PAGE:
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TRIDENT


Photograph of TRIDENT conference participants

Franklin D. Roosevelt Presidential Library. Via Atkinson (2007)

TRIDENT was the third major wartime diplomatic conferences between Roosevelt and Churchill, following the Casablanca conference (SYMBOL) of 14-24  January 1943. TRIDENT was held in Washington on 12-27 May 1943. Opening on the same day that the Axis forces in North Africa surrendered, the conference was primarily concerned with the thorny issues of future Mediterranean strategy and the northwestern Europe invasion, but the conference also approved an increase in the tempo of operations in the Pacific. It was probably the most rancorous of the major wartime diplomatic conferences.

The British planners under Brooke were convinced that any attempt to land in northwest France in 1943 would run a grave risk of catastrophe. The fundamental problem was that the Germans had excellent communications across western Europe and could concentrate troops against a landing faster than the Allies could hope to reinforce their beachhead. The American planners under Marshall were convinced that only a landing in northern France could be decisive and that no resources should be wasted elsewhere. Ultimately, the resolution of this dilemma would come through the massive application of air power, which shattered the French rail network and decisively hindered the German ability to concentrate, and deception, which kept the Germans guessing where the main landings would come even after the Normandy invasion. However, in retrospect, these preconditions for a successful invasion could not have been satisfied in 1943. Furthermore, Hitler's insistence on no retreat meant that the operations in the Mediterranean in 1943 did far more damage to the German Army than they had any right to.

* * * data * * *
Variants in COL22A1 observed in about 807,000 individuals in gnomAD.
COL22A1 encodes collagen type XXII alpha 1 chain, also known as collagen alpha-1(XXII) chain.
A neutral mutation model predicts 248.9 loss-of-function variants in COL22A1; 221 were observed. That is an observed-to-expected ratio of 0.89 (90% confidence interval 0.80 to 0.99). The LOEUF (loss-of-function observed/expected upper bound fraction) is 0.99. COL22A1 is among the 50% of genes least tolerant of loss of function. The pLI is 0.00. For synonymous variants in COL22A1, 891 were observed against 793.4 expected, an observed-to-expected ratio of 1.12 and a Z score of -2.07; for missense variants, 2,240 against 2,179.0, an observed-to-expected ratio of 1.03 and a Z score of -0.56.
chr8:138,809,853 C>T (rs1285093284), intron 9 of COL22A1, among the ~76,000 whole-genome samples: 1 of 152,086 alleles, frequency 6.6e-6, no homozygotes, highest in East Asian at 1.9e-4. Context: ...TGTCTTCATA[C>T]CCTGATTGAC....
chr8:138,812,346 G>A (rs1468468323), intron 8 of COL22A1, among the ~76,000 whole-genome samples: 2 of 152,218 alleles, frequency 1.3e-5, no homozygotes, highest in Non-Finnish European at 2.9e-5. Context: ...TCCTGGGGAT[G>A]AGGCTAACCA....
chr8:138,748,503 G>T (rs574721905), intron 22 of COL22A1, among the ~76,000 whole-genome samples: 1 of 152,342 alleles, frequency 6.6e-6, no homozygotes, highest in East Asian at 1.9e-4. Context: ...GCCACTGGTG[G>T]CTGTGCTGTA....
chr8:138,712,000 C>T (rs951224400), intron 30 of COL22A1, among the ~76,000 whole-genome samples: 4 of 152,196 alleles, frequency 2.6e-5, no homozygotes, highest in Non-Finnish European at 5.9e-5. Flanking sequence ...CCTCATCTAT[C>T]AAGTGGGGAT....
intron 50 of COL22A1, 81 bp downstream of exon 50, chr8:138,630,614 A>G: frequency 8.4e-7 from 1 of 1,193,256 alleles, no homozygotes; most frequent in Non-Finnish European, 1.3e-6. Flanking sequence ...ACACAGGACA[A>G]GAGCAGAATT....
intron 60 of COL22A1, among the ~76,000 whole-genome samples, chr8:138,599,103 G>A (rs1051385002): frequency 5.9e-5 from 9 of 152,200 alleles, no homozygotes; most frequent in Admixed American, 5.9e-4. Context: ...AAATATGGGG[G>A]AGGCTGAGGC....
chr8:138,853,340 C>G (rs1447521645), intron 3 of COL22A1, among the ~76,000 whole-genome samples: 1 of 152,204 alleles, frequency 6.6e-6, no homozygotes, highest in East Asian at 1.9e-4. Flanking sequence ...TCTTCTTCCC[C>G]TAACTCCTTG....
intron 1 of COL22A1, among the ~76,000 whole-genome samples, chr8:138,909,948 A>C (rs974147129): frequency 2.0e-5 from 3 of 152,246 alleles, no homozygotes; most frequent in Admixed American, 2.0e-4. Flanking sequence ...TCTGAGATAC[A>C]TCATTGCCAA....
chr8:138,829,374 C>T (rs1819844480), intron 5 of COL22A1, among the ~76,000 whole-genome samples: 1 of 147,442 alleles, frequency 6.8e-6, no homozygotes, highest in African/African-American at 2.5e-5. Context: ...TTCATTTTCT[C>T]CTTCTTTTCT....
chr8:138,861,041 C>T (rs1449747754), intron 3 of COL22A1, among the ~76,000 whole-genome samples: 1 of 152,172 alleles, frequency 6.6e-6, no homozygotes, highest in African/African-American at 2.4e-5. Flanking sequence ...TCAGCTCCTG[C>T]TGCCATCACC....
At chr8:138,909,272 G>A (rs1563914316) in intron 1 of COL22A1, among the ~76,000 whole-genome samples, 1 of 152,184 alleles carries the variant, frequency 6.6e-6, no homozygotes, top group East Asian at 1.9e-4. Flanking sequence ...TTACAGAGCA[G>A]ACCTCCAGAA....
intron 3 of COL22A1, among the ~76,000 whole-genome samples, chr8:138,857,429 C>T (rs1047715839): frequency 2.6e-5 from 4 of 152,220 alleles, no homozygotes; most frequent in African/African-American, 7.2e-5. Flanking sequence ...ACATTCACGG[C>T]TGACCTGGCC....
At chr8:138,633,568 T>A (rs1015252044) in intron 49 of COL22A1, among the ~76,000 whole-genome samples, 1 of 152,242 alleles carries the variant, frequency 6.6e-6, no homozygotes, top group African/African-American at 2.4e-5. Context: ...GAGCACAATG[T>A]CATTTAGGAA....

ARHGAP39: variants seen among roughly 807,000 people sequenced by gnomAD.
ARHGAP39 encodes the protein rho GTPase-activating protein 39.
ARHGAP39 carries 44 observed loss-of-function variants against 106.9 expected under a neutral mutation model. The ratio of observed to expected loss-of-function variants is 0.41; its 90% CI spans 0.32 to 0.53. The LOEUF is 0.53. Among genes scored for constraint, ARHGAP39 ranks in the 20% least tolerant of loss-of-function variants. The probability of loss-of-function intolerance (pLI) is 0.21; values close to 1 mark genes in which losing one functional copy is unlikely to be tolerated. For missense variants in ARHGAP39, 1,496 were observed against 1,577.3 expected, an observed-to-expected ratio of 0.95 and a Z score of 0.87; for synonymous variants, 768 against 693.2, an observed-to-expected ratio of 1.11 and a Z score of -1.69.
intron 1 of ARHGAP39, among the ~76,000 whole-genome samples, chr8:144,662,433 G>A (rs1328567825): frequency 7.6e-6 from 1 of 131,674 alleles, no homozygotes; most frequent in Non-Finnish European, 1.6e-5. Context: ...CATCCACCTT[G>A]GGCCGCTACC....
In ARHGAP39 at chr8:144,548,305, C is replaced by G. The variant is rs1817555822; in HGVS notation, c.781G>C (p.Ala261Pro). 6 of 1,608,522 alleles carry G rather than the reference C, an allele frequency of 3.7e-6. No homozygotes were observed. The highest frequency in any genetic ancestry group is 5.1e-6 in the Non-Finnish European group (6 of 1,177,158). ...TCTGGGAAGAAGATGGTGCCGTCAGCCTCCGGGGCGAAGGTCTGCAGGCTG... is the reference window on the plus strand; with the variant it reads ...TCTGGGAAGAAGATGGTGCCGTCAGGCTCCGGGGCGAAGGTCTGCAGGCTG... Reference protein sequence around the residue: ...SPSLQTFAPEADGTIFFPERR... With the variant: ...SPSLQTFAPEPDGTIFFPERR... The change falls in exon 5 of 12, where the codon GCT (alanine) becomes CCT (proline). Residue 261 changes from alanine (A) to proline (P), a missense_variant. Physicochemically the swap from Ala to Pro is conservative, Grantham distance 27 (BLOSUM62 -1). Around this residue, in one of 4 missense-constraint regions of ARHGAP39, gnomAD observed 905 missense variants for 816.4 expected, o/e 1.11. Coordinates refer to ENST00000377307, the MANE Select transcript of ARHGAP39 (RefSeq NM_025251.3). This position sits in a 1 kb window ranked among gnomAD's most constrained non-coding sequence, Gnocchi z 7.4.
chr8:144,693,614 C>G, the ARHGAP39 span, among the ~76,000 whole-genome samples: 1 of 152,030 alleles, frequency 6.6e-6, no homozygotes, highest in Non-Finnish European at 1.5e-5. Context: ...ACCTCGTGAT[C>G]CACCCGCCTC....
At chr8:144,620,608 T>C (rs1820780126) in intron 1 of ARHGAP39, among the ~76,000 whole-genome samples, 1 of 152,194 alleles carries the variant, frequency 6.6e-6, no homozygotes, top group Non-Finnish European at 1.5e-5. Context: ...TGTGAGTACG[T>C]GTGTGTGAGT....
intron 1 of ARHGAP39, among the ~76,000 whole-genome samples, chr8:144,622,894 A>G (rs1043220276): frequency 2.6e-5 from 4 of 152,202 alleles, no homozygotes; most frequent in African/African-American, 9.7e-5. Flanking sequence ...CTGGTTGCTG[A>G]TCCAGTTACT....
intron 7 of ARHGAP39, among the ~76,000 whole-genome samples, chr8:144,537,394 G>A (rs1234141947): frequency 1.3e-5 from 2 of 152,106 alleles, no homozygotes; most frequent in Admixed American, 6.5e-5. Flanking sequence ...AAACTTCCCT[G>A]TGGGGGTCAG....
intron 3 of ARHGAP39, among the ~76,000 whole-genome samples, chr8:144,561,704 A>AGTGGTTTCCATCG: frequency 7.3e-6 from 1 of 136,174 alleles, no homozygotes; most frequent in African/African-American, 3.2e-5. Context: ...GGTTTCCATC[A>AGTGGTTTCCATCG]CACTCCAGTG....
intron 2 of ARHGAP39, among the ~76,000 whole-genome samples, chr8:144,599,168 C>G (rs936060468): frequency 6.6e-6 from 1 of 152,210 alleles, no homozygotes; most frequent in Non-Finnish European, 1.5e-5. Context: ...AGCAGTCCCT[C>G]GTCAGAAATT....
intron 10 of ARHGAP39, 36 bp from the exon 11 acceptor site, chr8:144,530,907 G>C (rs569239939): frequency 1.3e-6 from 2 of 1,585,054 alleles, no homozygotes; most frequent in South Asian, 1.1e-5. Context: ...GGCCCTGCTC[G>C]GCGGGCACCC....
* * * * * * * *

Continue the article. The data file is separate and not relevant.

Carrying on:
The discussion on Pacific strategy got off to a bad start when it became clear that Wavell and Stilwell strongly disagreed with each other and with the U.S. Army's chief logistics officer, Brehon Sommervell. Stilwell pushed for ANAKIM, an amphibious assault on Burma intended to clear the way for supplies to reach China along the Burma Road. The British, who would have to supply almost all the forces for the assault, were unenthusiastic. They were even less enthusiastic over a proposal to attack Burma from Assam, with its miserable communications and infrastructure. The proposal for a land offensive was dropped in favor of an air campaign against Burma and air transport of supplies to China. Approval was also given to King's plans for a Central Pacific offensive, with the Gilberts and Marshalls as the initial targets. This came at the expense of fewer resources for the Southwest Pacific.

References

Atkinson (2007)

Roberts (2009)

Smith (1985)



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